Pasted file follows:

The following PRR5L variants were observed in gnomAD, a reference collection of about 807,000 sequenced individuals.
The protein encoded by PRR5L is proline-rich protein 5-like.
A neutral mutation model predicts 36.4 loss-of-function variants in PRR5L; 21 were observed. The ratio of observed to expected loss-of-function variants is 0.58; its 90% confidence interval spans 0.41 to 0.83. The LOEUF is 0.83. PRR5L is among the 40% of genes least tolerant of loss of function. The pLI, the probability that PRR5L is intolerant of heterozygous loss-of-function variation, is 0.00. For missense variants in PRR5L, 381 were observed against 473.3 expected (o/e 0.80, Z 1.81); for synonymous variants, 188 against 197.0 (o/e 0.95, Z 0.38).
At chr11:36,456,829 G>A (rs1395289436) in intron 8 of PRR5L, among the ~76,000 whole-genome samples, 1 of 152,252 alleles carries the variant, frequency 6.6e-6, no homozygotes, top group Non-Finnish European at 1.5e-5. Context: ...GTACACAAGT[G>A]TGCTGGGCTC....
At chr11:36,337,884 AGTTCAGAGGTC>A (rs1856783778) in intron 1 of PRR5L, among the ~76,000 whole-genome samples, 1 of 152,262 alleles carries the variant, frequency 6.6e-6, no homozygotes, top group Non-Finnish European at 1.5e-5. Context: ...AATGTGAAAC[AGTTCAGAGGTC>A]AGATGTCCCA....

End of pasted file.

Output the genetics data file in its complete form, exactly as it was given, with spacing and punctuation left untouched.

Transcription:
The following PRR5L variants were observed in gnomAD, a reference collection of about 807,000 sequenced individuals.
The protein encoded by PRR5L is proline-rich protein 5-like.
A neutral mutation model predicts 36.4 loss-of-function variants in PRR5L; 21 were observed. The ratio of observed to expected loss-of-function variants is 0.58; its 90% confidence interval spans 0.41 to 0.83. The LOEUF is 0.83. PRR5L is among the 40% of genes least tolerant of loss of function. The pLI, the probability that PRR5L is intolerant of heterozygous loss-of-function variation, is 0.00. For missense variants in PRR5L, 381 were observed against 473.3 expected (o/e 0.80, Z 1.81); for synonymous variants, 188 against 197.0 (o/e 0.95, Z 0.38).
At chr11:36,456,829 G>A (rs1395289436) in intron 8 of PRR5L, among the ~76,000 whole-genome samples, 1 of 152,252 alleles carries the variant, frequency 6.6e-6, no homozygotes, top group Non-Finnish European at 1.5e-5. Context: ...GTACACAAGT[G>A]TGCTGGGCTC....
At chr11:36,337,884 AGTTCAGAGGTC>A (rs1856783778) in intron 1 of PRR5L, among the ~76,000 whole-genome samples, 1 of 152,262 alleles carries the variant, frequency 6.6e-6, no homozygotes, top group Non-Finnish European at 1.5e-5. Context: ...AATGTGAAAC[AGTTCAGAGGTC>A]AGATGTCCCA....